Jeff Tamarkin

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Jeff Tamarkin is an American editor, author and historian specializing in music and popular culture.

Career[edit]

For 15 years Tamarkin was editor of Goldmine, a magazine for record and CD collectors. Prior to that, he served as the first editor of CMJ (College Media Journal) and as editor of Relix. He was also the first editor of Grateful Dead Comix, and has written for many other publications, including Billboard, Pulse, Boston Phoenix, Newsweek Japan, Playbill, Creem, Spirit, Mojo, M: Music & Musicians, East Bay Express, The Aquarian Weekly, Newsday, Sing Out, Tracks, Harp, The New York Daily News and ICE. He has contributed to the Guinness Encyclopedia of Popular Music and Allmusic and has written program notes for Carnegie Hall and Jazz at Lincoln Center.

Tamarkin has written the liner notes for more than 75 CDs, for such artists as The Beach Boys, Tom Jones, Jefferson Airplane, Dick Clark, The J. Geils Band, Chubby Checker, Merle Haggard, Dean Martin, Charlie Gracie, Steve Earle and many others, including ABKCO Records' Cameo-Parkway label reissue series. He has also served on the Nominating Committee of the Rock and Roll Hall of Fame and as a consultant to the Grammys.

In the course of his work Tamarkin has interviewed hundreds of musicians and celebrities, including Roy Orbison, Brian Wilson, Jerry Garcia, Yoko Ono, B.B. King, Carlos Santana, Dave Brubeck, Ricky Nelson, the Ramones, Herbie Hancock, Ray Davies, Elvis Costello, Dexter Gordon, Lou Reed, Stephen Stills, Wayne Shorter, Peter Tosh, Wynton Marsalis, Frank Zappa, Ringo Starr, Keith Jarrett, Solomon Burke, Youssou N'Dour, Linda Ronstadt, Bela Fleck and the Flecktones, Dionne Warwick, Frankie Valli, John Mayall, Chick Corea, Steve Miller, the Monkees, Bobby McFerrin, Pat Metheny, Little Richard, David Crosby, Gary Burton, George Benson, Annie Lennox, String Cheese Incident, R.E.M., Red Hot Chili Peppers, Graham Nash, Peter Asher, Steve Earle, Marianne Faithfull, Stanley Jordan, Eric Burdon, Boz Scaggs, Lyle Lovett, Aaron Neville, Duane Eddy, Esperanza Spalding, Bill Frisell, Jack Bruce, John McLaughlin, Arlo Guthrie, Branford Marsalis, Tom Jones, Marcus Mumford, Lucinda Williams,T Bone Burnett, Joe Bonamassa, Jamie Cullum, and Nancy Sinatra. As a consultant to the Music Club CD label, he assisted in releasing over 180 reissues and compilations, in styles including rock, jazz, country, world music and pop.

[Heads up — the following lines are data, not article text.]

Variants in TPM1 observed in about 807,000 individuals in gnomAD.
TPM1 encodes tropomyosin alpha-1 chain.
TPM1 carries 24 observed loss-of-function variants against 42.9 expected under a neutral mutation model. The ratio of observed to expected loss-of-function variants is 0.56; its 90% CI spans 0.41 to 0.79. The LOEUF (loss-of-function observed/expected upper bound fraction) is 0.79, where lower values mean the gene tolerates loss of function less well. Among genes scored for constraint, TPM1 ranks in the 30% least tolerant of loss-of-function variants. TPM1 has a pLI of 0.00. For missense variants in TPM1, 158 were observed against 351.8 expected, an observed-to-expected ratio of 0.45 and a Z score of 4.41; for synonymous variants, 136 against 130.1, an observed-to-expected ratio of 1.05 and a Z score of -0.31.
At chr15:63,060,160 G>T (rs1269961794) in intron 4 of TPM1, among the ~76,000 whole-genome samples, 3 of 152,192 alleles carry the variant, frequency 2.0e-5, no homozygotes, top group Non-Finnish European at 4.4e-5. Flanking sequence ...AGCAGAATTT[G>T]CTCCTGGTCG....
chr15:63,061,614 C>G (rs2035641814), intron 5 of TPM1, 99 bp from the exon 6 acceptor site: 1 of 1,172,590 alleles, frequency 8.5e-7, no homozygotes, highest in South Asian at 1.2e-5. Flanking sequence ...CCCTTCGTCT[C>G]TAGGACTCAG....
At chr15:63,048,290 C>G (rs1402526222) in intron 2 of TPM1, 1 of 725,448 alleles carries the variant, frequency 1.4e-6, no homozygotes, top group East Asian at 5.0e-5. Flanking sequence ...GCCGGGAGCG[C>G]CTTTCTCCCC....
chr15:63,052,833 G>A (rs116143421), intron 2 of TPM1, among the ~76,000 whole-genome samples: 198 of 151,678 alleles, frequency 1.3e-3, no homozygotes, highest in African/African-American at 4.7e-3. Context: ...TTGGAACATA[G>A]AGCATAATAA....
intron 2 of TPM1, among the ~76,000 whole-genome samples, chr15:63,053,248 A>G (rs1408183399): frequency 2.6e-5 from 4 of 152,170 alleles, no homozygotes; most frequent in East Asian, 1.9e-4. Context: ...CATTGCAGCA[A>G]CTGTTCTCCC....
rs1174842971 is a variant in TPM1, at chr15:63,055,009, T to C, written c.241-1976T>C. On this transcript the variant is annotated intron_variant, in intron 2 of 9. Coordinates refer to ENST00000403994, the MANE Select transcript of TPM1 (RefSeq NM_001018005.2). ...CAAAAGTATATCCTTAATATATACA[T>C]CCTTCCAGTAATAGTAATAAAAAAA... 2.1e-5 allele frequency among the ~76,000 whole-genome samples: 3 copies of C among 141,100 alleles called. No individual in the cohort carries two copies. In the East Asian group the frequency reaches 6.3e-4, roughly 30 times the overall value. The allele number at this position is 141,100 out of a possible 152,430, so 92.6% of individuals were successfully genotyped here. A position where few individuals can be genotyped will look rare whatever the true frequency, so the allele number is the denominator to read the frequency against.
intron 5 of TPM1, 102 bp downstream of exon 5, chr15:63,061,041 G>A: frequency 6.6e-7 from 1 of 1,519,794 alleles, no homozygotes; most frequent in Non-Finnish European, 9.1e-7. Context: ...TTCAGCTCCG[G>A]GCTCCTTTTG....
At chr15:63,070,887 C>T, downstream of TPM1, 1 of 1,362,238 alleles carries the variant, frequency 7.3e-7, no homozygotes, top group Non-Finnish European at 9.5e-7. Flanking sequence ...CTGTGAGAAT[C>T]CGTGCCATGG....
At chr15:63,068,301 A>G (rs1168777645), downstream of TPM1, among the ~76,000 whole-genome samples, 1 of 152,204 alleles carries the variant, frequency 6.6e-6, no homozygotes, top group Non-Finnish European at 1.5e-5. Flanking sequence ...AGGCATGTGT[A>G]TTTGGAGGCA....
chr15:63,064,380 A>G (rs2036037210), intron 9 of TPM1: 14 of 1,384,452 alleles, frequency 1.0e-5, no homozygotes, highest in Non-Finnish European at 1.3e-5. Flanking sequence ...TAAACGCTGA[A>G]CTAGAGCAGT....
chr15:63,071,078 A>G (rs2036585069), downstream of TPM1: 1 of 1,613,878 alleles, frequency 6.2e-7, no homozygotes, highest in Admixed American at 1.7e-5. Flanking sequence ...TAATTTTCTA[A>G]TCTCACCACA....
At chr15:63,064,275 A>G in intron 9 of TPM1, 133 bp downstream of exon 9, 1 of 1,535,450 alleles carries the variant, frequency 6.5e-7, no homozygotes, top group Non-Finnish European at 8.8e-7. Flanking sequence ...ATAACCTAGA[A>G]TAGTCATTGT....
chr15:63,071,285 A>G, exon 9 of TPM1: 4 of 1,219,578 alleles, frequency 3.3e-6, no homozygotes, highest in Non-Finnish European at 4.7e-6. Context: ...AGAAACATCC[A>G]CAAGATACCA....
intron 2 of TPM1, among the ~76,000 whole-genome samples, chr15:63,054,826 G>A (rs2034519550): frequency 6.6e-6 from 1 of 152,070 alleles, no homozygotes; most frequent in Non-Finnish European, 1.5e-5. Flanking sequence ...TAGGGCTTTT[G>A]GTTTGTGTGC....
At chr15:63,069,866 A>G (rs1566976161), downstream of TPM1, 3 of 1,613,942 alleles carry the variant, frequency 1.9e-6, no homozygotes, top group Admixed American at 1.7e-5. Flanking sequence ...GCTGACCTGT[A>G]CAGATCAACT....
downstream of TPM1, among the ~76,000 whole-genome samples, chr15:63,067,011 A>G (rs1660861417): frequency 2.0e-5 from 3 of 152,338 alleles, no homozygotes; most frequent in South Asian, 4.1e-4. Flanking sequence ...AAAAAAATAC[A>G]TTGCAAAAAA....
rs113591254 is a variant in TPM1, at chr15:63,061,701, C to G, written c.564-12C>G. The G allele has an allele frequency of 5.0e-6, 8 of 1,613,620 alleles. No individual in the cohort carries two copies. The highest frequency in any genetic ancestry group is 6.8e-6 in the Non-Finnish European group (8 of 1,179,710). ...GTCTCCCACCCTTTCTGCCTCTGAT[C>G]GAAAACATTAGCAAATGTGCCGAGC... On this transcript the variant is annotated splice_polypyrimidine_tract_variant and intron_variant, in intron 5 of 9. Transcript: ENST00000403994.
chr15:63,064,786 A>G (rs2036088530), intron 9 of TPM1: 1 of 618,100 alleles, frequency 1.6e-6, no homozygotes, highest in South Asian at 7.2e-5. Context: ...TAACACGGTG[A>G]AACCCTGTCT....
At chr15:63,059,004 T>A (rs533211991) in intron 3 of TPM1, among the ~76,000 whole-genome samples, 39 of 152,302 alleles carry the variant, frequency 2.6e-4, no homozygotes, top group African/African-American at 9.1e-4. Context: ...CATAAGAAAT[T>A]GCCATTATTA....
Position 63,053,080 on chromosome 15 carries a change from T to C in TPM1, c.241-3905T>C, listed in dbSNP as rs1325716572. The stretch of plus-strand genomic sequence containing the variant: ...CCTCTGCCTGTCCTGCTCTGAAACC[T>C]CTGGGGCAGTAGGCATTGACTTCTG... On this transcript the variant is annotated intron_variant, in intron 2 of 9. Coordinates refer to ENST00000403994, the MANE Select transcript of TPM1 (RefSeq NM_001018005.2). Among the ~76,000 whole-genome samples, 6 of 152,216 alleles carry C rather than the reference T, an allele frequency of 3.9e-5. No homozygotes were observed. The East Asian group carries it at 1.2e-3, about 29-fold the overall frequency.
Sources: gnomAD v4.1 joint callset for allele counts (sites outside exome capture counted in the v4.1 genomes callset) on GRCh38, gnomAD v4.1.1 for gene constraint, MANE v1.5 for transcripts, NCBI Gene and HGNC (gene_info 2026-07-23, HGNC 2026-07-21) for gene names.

After writing short books on Billy Joel and Bruce Springsteen, his first full-length book, Got a Revolution! The Turbulent Flight of Jefferson Airplane (Atria Books), was published in June 2003. The first biography of the San Francisco band,[1] it was written with the cooperation of all of the band members and placed the Airplane into the context of their times, the volatile 1960s. Got a Revolution was named one of the best books of 2003 by the San Francisco Chronicle and the Boston Phoenix, and received very positive reviews from, among others, Publishers Weekly, Kirkus, Austin Chronicle, New York Daily News, and The Onion. It was published in paperback in July 2005. Tamarkin collaborated with Howard Kaylan, the lead vocalist of '60s/'70s groups the Turtles, The Mothers of Invention and Flo & Eddie, on Kaylan's autobiography, "Shell Shocked: My Life with the Turtles, Flo and Eddie, and Frank Zappa, etc." It was published in March 2013 by Backbeat Books.

From 2002-2006, Tamarkin was editor-in-chief of Global Rhythm,[2] the leading magazine for world music and global culture, in which he also wrote about music, film, cuisine, politics and other topics. In 2007 Tamarkin was named Associate Editor of JazzTimes magazine, a position he continues to hold today while simultaneously freelancing for many outlets.

Personal life[edit]

He lives in Hoboken, New Jersey, with his wife, the novelist and book reviewer Caroline Leavitt, and their son Max.[2]

References[edit]

  1. ^ "10 Feet Tall to Just Small...". New York Daily News. June 13, 2003. Retrieved April 29, 2010. 
  2. ^ a b Galant, Debra (April 25, 2004). "The Parent Not Chosen". The New York Times. Retrieved April 29, 2010. 

External links[edit]